Let’s face it: the pandemic has seriously messed with our ritual celebrations and holidays.
Last year, the first surge came just in time to scuttle any plans my wife and I might have made for our birthdays. Easter dinner with the family was cancelled. We wanted to have a special celebration for our 42nd wedding anniversary (fans of Hitchhiker’s Guide to the Galaxy will understand why) but couldn’t. Then another surge torpedoed our Thanksgiving routines. Then Christmas.
And, oh yes — as I’ve mentioned here before, my mother died of COVID on Christmas Day. With my mother confined to her room, with all the precautions taken by her assisted living facility to keep residents safe, someone still brought the virus into the community. Since then, it seems every day brings more grim news by text or email. The prayer requests just keep coming.
So before I forget: Happy Valentine’s Day.
Okay. I’m going to let Mr. Curmudgeon take a nap now.
These days, it seems everyone wants to produce a project called Love in the Time of Corona or Love in the Time of Coronavirus. It’s a play on the title of Nobel laureate Gabriel Garcia Marquez’s 1985 novel, Love in the Time of Cholera, an unconventional love story that makes the standard Hollywood rom-com look hopelessly idealistic and naive. These contemporary projects are asking similar questions: what happens to our romantic pursuits in a time of social distancing?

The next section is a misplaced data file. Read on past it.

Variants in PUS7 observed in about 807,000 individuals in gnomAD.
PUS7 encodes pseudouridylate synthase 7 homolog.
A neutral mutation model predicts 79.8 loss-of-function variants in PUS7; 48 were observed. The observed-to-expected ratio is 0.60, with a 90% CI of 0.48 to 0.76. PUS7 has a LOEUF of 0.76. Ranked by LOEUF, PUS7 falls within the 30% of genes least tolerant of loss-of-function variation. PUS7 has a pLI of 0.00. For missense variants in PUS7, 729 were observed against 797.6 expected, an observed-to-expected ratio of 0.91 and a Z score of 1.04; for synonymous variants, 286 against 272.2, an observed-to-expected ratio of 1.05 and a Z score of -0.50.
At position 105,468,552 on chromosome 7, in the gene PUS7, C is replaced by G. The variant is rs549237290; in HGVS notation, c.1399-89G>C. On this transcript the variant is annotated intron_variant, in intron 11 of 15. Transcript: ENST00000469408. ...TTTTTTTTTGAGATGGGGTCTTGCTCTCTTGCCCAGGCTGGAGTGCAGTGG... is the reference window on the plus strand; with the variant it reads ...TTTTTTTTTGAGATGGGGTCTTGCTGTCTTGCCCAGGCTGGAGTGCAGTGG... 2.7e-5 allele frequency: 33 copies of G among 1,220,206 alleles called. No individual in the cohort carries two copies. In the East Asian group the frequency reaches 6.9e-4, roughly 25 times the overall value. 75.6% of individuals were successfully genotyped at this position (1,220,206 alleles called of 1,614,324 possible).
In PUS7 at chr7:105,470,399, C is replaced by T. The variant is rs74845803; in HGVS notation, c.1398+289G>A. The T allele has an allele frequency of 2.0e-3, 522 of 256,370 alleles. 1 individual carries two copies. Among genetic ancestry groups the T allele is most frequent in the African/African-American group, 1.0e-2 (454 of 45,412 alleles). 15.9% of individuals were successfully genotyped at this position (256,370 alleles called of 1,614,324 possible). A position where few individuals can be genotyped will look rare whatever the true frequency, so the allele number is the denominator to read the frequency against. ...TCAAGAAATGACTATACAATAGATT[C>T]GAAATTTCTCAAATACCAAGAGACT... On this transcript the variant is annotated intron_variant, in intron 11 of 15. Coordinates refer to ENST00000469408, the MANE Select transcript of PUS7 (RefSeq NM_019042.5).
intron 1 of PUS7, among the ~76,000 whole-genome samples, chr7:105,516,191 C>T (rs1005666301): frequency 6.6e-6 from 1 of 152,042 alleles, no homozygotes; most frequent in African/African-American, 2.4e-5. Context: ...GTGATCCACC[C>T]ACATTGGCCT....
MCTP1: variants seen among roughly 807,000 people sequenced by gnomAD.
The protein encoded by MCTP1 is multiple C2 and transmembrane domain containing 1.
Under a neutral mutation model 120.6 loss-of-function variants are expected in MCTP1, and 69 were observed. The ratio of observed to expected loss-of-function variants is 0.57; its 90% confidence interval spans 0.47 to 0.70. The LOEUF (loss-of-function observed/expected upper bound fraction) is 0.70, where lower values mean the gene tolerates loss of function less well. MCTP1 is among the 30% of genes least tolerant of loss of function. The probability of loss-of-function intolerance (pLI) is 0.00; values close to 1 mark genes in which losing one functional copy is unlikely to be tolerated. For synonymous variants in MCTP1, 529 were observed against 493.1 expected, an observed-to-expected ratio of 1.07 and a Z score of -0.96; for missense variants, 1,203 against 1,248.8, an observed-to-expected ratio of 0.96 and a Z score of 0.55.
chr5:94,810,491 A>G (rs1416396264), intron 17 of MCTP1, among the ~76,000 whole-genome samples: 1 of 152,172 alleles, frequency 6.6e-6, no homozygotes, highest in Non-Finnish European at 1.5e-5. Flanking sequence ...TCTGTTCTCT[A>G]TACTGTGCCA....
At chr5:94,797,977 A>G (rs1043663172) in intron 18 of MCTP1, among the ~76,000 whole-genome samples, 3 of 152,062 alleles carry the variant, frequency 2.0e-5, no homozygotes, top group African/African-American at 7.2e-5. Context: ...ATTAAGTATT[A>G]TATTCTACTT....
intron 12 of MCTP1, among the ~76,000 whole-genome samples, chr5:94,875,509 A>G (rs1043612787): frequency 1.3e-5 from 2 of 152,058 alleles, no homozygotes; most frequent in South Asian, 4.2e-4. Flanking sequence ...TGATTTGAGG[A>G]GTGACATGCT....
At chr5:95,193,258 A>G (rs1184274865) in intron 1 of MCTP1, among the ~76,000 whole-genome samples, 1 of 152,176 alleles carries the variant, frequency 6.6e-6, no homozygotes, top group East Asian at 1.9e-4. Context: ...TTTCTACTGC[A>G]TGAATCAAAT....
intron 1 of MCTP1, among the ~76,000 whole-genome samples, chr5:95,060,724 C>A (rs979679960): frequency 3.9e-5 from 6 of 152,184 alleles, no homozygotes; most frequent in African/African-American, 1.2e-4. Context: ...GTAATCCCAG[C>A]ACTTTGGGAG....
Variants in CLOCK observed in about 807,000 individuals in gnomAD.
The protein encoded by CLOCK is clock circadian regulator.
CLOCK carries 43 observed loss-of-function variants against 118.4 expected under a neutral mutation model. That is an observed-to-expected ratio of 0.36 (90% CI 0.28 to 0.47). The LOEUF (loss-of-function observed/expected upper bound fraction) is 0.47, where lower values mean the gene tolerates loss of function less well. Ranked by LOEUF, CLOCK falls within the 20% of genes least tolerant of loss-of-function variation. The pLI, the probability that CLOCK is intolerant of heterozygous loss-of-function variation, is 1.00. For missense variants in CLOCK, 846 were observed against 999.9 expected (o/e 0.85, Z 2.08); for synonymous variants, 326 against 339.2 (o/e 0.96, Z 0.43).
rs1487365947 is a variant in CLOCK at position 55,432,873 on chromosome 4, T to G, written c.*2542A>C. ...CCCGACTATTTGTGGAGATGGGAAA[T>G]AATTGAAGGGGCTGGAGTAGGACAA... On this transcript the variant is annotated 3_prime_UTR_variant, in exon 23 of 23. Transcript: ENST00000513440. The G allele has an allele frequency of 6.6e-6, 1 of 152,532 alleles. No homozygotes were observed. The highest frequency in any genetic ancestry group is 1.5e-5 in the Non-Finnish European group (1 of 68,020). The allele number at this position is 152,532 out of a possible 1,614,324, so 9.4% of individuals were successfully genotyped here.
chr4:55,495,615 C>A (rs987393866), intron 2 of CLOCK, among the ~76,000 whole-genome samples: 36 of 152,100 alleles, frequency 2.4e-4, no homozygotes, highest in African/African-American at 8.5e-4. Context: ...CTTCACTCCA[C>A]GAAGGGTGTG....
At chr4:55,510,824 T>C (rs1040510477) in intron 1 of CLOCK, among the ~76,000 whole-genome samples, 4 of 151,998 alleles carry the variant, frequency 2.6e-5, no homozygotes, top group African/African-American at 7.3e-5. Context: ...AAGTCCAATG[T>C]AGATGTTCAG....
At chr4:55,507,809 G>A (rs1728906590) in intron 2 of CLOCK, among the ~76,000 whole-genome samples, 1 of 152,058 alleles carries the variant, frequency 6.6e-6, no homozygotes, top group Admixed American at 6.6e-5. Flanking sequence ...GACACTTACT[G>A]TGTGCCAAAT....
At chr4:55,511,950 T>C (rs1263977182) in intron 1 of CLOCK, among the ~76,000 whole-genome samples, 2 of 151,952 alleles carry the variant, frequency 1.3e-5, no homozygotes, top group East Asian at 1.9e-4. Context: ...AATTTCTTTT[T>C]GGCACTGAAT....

I haven’t “dated” in close to half a century, so I’m not going to play the authoritative expert here (that’s Doctor Curmudgeon to you!). Let me put this question out there instead: if the pandemic “ruins” our Valentine’s plans, what is it we were really intending to celebrate?
I could ask similar questions about 2020. Our family Easter plans were scuttled, but does that mean we were prevented from celebrating the resurrection? Does the lack of a Thanksgiving foodfest make gratitude impossible? If the pandemic kept us from gathering for Christmas, did we therefore miss our chance to wonder at the miracle of the Incarnation?
And if pandemic restrictions mean we can’t go to our favorite restaurant for Valentine’s Day…well, you get the idea. If you need to, light some candles and order in. Then ask yourself what love is really about.
As of this writing, the news about COVID is encouraging — for a change. The infection rate is trending downward. Because an unthinkably vast number of people have already had the virus, and vaccination has begun in earnest, some believe that we’re in the early stages of herd immunity. It helps that more people seem willing to wear masks, though sadly, this may be because the reality of the virus has become all too concrete in recent months, as friends and family tested positive.
But if it’s true that we’re witnessing a reversal — and that’s a big “if” — then this is not the time to relax our vigilance.
There’s nothing wrong with romantic love or its celebration. But it’s not the greatest commandment, nor even the second. Love in the time of coronavirus means loving God and neighbor by doing what we can to keep each other safe; I will bear the inconvenience of health protocols because, out of love, I don’t want to be the one guilty of unknowingly spreading the virus to you.
And that’s a vaccine we don’t have to stand in line for.